4. Another ground upon which the Joint Judge was of opinion that the suit was unmentionable was because the Collector's sanction was given only to one named man. Now the per-mission or sanction in question is Exhibit 6 which is entitled, and affects to be, a certificate under Section 539 of the Civil Procedure Code. It is addressed to Jafferkhan, the present first plaintiff, and the other Mahomedans, residents of Nadiad, who had applied on the 25th May 1902 for the Collector's permission. It seems to us that this document should be read as a permission to those named. individuals who made the application, to which Exhibit 6 is the Collector's reply, and we have satisfied ourselves by reference to that application that all the plaintiffs fall within this category. It seems to us that these plaintiffs, who are seeking to obtain the Court s assistance to enforce the management of the trust property, are not to be defeated because the Collector or his clerk elected to name only one of the petitioners and to refer to the others merely as the other applicants.
5. As to the presence of the fourth defendant on this record it is now admitted by Mr. Jinnah that upon the evidence now available the plaintiffs cannot contest his title to the property alienated to him by the first defendant.
6. There remain, therefore, for discussion only the Dargah and the cash allowances, and the substantial question is whether this property is or is not shown by the evidence to be public religious property. That question ought, we think, to be answered in the affirmative. The earliest documents bearing upon this question are Exhibits 56 and 70 of A.D. 1842. They are records of grants made by the State to the Manager for lighting this Dargah and to the Mali as responsible for laying flowers upon it. Then we have Exhibit 61, the Sanad of 1866 A.D., which is a grant of Rs. 3 yearly, in perpetuity, to the Pir Khatib Sayad as long as the Managers remained loyal subjects of the British Government. It is noticeable that the grant is to the Pir Khatib Sayad, for it is certain that Khatib Sayad himself had died many years before this grant. We think upon reading these three Sanads that they make it clear that these grants which were made by the State to an institution establish that that institution was not a private but a public endowment. This inference is further supported by the actual use to which the Dargah has ever since been put. The evidence shows that it has been kept open free of access to all Sunni Mahomedans for purposes of worship or devotion, and there is no suggestion that any one, on any occasion, for any reason, was ever excluded by the first defendant. His only ground for his claim of private ownership is based upon the allegation that the original Khatib Sayad was his ancestor, but that allegation he has entirely failed to substantiate. On this ground we are satisfied that this property is, as the plaintiffs claim, public religious trust. If that is so, then the only question remaining is as to the order which ought now to be passed. The first defendant has repudiated his trust and there is evidence to show that in the past he has been guilty of distinct mismanagement, though, having regard to the customs of the people in these matters, the mismanagement was not of any specially culpable kind. Upon a consideration of all the circumstances as they are disclosed by the evidence we will not remove the first defendant wholly from his office, but we think it necessary to associate with him in management some Mahomedan gentleman of respectable character. We leave it to the District Judge to appoint that associate after hearing both parties and considering whatever arguments they may adduce. We do not think it necessary in the present monetary condition of this property to direct the preparation of a scheme, but we must order that accounts of the incomings and outgoings of the Dargah be properly and regularly kept and be submitted once a year to the District Judge for audit. There will be a decree accordingly.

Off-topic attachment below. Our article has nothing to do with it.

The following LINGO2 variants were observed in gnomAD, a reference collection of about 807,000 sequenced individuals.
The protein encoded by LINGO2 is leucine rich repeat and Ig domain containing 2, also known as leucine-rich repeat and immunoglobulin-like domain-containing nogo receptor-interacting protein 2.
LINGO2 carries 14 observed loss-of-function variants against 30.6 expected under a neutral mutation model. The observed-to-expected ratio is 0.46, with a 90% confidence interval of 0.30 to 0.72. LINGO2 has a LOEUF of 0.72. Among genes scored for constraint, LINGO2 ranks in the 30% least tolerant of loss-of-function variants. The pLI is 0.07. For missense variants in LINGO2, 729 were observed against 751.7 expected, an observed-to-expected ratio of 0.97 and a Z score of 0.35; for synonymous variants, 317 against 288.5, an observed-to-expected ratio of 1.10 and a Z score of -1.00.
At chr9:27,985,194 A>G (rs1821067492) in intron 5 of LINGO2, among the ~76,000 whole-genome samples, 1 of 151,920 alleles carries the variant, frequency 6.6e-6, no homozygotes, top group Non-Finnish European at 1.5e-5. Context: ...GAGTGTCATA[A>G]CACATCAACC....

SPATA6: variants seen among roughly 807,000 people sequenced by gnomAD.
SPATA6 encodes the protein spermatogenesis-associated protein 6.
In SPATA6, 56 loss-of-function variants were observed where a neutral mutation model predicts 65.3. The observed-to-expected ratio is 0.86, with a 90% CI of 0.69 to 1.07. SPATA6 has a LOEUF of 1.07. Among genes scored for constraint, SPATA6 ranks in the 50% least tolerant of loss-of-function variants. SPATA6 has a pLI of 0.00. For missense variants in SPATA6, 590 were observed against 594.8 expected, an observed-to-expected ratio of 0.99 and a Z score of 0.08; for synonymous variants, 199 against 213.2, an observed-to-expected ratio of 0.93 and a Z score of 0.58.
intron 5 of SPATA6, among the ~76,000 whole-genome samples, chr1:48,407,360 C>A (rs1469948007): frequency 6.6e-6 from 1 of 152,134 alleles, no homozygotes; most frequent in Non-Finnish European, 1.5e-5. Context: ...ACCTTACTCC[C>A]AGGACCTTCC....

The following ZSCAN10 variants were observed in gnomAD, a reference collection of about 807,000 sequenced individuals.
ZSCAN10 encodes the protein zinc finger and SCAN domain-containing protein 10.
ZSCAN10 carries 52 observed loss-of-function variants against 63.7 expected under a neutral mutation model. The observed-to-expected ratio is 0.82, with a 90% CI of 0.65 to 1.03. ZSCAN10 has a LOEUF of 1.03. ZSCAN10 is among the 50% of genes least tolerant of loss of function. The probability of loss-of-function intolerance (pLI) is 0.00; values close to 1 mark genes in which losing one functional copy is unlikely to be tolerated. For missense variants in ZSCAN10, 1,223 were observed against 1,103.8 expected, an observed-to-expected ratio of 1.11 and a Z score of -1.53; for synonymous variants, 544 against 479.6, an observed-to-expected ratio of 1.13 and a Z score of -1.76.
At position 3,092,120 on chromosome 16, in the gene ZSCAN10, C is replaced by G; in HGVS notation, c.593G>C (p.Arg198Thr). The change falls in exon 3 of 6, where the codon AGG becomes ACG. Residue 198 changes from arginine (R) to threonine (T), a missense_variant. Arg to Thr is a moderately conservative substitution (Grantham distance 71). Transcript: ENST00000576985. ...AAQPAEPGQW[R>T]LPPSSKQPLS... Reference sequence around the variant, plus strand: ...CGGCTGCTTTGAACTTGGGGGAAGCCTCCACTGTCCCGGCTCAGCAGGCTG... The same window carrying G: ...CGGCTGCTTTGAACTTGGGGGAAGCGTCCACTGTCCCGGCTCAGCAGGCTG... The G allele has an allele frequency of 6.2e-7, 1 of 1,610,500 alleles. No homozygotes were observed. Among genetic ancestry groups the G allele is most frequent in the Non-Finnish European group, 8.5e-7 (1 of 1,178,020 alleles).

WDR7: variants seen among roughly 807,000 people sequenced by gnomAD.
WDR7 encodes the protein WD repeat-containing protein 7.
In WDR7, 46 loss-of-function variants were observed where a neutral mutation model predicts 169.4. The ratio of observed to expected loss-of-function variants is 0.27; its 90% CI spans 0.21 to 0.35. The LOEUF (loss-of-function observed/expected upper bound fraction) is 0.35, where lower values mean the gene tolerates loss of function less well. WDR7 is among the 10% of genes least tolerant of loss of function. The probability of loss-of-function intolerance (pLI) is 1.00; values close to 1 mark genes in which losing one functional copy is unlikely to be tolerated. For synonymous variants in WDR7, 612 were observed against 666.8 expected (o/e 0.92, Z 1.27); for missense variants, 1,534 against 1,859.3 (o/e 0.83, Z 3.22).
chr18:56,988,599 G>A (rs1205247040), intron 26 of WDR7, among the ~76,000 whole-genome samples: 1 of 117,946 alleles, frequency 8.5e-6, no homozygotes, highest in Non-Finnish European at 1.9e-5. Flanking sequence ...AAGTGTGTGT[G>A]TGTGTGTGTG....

7. We allow the plaintiffs half their costs throughout from the first defendant. As regards the fourth defendant the appeal will be dismissed and the fourth defendant will have from the plaintiffs any separate costs which he may have incurred in this appeal.
8. As to the costs in the lower Court between the fourth defendant and the plaintiffs we make no order.